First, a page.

30 Meetinghouse Lane
This iconic Madison home, once dubbed “Hartsbourne,” is well known for its lovely setting as a cornerstone of the green. It is also widely admired for its unique and elegant architectural design. Its roof, for instance, consists of a flat copper center with a raised structure that strongly resembles a Chinese pagoda. The house also is sited flush with the Congregational Church next door and shares with it some similar features, including large columns and two-story shutters. Volney Pierce, who also later designed the church, is likely the architect of this house.
An earlier structure on this property was erected in 1707 for the Reverend John Hart, who was the first student at Yale College to receive a bachelor’s degree. He also served as the first minister of the new Congregational Church in East Guilford. John Hart was paid his annual salary of ninety pounds in wheat, rye, pork, and Indian corn, in addition to twenty loads of firewood.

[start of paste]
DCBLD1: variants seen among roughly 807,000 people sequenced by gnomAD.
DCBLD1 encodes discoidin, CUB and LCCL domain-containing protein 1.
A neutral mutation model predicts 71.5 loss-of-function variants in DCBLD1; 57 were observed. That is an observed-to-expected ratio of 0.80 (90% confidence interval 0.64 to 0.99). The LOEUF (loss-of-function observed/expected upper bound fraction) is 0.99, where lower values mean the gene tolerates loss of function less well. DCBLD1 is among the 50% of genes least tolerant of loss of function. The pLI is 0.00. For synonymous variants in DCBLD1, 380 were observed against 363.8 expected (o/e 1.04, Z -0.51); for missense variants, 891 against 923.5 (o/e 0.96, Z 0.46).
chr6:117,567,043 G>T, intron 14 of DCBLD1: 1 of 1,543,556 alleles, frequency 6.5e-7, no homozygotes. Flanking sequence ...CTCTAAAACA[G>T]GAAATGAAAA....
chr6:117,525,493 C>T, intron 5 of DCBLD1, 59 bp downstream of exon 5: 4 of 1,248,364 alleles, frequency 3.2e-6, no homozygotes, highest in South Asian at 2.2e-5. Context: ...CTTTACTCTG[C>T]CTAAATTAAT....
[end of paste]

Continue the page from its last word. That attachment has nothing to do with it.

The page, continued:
The structure that stands here today is the result of a dramatic renovation that occurred in the early 1830s, overseen by Deacon Benjamin Hart, a descendant of John Hart. Records of the Congregational Church say that Deacon Hart, who also lived in this house, played an influential role in choosing the location of the present-day meetinghouse next door. Benjamin died in 1852 and is buried in West Cemetery with his wife, Lucy Baldwin.
Local architectural lore claims that the four main rooms on the first floor were built from four different types of wood. Although we cannot confirm the story, we have no reason to doubt it. Unfortunately, we cannot say which four woods were used. A good guess on locally sourced woods might be pine, oak, cherry, and maple, or perhaps chestnut. The current owner could not confirm those guesses, but we do know that, at this time as in its early years, the interior includes pedimented doorways and decorative window cornices.